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A California school district is moving away from disciplining misbehaving students with suspensions. Instead, it is enforcing a "restorative justice" approach that focuses on "building empathy & celebrating diversity," according to documents recently obtained by Parents Defending Education, the Daily Caller News Foundation reported.
Documents acquired via a public records request revealed that Poway Unified School District in San Diego, California, provided school staff with "discipline training" that discouraged suspending or expelling students.
A presentation titled "2022-2023 PUSD Discipline Training" encouraged school officials to implement a "restorative justice" approach when disciplining misbehaving students. Staff members were encouraged to seek "other means of correction" besides suspension and expulsion.
According to the presentation, suspension "shall be imposed only when Other Means of Correction (OMC) fail to bring about proper conduct."
Instead, the district encouraged "restorative practice," described as "a powerful approach to conflict resolution that focuses on repairing harm through inclusive processes that engage all stakeholders. Implemented well, [restorative justice] shifts the focus of conflict resolution from punishment to learning and from the individual to the community."
Students who present a danger, caused physical injury, committed a robbery, or possessed a firearm, knife, or controlled substance may be recommended for suspension.
PUSD's "restorative practice course" is a five-day, five-hour lesson "assigned as a consequence to a hate behavior incident." On the first day, students would be briefed on the course's overview and required to participate in "self reflection." Day two and three, students would be presented with "educational content" related to the incident and learn about the "impact of our actions/choices." Students would then focus on "building empathy & celebrating diversity" on day four. On the final day of the course, students would be asked to reflect on their growth over the past week.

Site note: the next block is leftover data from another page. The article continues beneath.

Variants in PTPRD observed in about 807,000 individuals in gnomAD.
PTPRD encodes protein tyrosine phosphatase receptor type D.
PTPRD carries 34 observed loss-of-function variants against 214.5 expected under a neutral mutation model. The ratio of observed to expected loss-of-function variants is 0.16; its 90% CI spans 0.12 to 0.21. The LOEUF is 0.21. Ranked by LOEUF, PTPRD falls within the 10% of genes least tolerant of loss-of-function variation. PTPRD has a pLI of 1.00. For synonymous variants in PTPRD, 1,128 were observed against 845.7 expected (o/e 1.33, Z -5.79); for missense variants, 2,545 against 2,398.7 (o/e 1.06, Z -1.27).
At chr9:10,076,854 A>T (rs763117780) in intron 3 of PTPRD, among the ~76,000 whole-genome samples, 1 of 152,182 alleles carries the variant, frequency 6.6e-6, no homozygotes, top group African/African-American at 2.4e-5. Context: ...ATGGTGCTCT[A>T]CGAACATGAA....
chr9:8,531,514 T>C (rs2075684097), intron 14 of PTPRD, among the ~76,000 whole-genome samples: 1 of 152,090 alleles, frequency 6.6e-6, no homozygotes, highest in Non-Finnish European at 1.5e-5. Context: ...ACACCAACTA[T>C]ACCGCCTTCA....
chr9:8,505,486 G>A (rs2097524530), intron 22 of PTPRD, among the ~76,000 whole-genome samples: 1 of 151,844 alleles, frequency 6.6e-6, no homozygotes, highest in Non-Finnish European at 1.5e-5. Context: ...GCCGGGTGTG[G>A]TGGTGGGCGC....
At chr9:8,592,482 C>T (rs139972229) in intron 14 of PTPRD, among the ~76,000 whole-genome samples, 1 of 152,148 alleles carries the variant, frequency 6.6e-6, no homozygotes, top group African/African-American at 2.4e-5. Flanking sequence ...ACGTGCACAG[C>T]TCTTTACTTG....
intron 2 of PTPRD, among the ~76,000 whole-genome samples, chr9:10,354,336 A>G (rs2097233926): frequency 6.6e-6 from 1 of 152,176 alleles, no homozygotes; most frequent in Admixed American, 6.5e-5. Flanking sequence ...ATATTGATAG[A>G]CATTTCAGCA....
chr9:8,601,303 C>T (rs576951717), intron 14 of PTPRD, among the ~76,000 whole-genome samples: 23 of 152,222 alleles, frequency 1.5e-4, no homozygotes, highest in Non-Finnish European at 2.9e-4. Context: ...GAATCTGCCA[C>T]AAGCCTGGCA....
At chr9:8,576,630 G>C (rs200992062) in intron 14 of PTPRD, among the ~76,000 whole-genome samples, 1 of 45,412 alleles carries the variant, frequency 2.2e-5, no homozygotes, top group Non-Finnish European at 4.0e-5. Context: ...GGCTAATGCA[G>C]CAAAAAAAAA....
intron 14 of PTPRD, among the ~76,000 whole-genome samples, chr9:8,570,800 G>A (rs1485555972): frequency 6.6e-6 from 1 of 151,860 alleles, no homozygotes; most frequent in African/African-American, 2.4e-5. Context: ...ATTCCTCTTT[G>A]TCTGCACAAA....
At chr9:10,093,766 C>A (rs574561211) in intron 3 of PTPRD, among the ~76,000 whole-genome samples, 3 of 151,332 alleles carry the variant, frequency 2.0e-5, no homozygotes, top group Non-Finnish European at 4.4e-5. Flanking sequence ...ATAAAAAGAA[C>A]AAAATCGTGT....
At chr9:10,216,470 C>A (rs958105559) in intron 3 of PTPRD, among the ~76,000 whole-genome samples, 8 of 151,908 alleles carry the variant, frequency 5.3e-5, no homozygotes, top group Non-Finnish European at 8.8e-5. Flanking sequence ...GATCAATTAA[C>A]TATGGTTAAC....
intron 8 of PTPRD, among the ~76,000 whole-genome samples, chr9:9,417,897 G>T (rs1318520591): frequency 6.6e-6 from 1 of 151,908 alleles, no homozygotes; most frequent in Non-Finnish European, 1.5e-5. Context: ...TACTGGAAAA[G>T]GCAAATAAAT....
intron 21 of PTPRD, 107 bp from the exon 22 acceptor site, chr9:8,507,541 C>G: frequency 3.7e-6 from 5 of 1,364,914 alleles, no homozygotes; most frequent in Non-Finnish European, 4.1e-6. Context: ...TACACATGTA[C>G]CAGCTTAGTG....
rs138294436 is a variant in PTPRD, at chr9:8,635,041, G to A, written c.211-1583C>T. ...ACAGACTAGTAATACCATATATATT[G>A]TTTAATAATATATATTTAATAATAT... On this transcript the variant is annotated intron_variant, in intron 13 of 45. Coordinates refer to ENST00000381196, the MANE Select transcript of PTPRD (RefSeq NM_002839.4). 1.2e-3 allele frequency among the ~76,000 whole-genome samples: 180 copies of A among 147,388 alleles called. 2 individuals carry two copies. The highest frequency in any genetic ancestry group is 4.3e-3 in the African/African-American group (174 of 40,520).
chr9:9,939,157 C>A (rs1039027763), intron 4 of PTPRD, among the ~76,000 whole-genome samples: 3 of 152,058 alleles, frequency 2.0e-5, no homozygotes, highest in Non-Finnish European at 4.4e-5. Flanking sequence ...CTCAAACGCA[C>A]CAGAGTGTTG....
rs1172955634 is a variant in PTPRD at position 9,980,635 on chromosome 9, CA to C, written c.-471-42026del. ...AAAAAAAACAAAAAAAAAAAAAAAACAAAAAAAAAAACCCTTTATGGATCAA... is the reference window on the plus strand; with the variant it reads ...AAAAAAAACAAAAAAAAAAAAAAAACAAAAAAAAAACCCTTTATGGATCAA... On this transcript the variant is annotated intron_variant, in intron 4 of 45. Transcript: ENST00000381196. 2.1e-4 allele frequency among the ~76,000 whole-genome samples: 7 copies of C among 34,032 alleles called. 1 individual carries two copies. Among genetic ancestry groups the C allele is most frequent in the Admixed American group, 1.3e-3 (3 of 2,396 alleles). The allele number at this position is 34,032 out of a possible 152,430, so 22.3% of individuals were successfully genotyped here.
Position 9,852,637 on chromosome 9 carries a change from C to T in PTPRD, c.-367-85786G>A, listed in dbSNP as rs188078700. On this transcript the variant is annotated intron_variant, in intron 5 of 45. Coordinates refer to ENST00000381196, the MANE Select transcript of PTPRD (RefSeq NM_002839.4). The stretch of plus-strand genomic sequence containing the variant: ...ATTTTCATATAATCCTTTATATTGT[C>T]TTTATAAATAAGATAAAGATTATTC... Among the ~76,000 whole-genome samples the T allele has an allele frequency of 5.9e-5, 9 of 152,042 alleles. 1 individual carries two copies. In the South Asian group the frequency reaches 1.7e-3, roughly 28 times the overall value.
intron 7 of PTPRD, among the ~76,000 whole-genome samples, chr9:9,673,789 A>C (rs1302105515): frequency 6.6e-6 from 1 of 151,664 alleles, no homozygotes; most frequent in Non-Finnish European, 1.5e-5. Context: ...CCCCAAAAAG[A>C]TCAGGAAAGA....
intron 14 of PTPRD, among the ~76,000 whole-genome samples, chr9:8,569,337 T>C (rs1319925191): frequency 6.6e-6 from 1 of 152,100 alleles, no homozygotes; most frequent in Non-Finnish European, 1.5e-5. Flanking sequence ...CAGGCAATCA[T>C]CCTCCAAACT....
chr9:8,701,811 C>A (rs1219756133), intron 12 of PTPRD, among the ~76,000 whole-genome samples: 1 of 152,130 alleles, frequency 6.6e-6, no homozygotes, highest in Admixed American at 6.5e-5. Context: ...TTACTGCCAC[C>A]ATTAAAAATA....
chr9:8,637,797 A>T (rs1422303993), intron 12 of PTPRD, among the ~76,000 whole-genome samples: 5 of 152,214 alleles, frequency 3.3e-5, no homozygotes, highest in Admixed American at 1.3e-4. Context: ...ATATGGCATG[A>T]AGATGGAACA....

Day four's "empathy and awareness" lesson, obtained by PDE, includes a presentation that taught students about "dominant groups" and asked, "What does it mean to be white in the United States?" Students are also asked whether gender or race impacts privilege. Additionally, the lesson covered "implicit bias," "stereotyping," "prejudice," and "discrimination."
The course would be directed by the district's "restorative response team," which addresses "incidents of bias on our school campuses," according to a job posting shared by the PDE.
"We're looking for folks with diverse life experiences who are comfortable sharing their stories, addressing sensitive topics regarding race/identity, and helping students to heal from harmful choices made," the district's advertisement read.
Applicants are asked how "comfortable" they are speaking about race and identity topics, including "anti-Asian," "anti-blackness," "anti-semitism," "anti-Hispanic/Latinx," "anti-LGBTQ+," "anti-immigrant," "anti-Muslim," and "ableism."
The district's presentation also pushed the Anti-Defamation League's "No Place for Hate" campaign, which encouraged school staff to use "correct pronouns and names" for students and avoid "misgendering."
The PDE's public records request also revealed presentations and accompanying surveys on "symbols and bias," "racist remarks," "hate speech," "harmful" phrases, and the history of the "f-word."
One question titled, "Racist Remarks Reflection: 'Comparing Blacks to monkeys,'" asked participants, "The racist comparison of Black people to animals is one that has existed for a long time in our country's history. Where did you first learn about it?"
Another survey, titled "'That's so gay' Reflection," asked participants how they plan to "intervene if you hear someone using this phrase" and what they will say instead to avoid using it themselves.
Poway Unified School District did not immediately respond to a request for comment, the DCNF reported.
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Candace Hathaway is a staff writer for Blaze News.